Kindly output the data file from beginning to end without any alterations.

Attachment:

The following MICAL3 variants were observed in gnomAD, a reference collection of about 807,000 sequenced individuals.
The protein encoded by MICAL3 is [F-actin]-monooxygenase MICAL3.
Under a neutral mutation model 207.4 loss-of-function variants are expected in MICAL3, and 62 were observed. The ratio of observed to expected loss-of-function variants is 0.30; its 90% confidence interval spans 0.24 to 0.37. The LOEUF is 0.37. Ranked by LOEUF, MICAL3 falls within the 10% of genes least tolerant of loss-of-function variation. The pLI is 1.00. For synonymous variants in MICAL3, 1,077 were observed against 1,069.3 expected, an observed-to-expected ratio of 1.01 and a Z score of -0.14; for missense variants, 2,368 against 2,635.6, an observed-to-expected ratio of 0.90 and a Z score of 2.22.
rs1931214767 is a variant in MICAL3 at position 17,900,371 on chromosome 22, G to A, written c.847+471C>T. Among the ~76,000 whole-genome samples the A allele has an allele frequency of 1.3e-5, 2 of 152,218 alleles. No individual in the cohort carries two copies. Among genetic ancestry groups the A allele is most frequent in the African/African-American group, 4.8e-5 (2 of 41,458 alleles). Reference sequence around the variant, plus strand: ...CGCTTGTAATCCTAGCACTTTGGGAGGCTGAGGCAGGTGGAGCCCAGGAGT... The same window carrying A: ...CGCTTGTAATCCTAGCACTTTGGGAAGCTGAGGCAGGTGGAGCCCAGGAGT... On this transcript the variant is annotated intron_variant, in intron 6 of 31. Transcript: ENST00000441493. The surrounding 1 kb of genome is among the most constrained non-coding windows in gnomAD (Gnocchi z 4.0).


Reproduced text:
The following MICAL3 variants were observed in gnomAD, a reference collection of about 807,000 sequenced individuals.
The protein encoded by MICAL3 is [F-actin]-monooxygenase MICAL3.
Under a neutral mutation model 207.4 loss-of-function variants are expected in MICAL3, and 62 were observed. The ratio of observed to expected loss-of-function variants is 0.30; its 90% confidence interval spans 0.24 to 0.37. The LOEUF is 0.37. Ranked by LOEUF, MICAL3 falls within the 10% of genes least tolerant of loss-of-function variation. The pLI is 1.00. For synonymous variants in MICAL3, 1,077 were observed against 1,069.3 expected, an observed-to-expected ratio of 1.01 and a Z score of -0.14; for missense variants, 2,368 against 2,635.6, an observed-to-expected ratio of 0.90 and a Z score of 2.22.
rs1931214767 is a variant in MICAL3 at position 17,900,371 on chromosome 22, G to A, written c.847+471C>T. Among the ~76,000 whole-genome samples the A allele has an allele frequency of 1.3e-5, 2 of 152,218 alleles. No individual in the cohort carries two copies. Among genetic ancestry groups the A allele is most frequent in the African/African-American group, 4.8e-5 (2 of 41,458 alleles). Reference sequence around the variant, plus strand: ...CGCTTGTAATCCTAGCACTTTGGGAGGCTGAGGCAGGTGGAGCCCAGGAGT... The same window carrying A: ...CGCTTGTAATCCTAGCACTTTGGGAAGCTGAGGCAGGTGGAGCCCAGGAGT... On this transcript the variant is annotated intron_variant, in intron 6 of 31. Transcript: ENST00000441493. The surrounding 1 kb of genome is among the most constrained non-coding windows in gnomAD (Gnocchi z 4.0).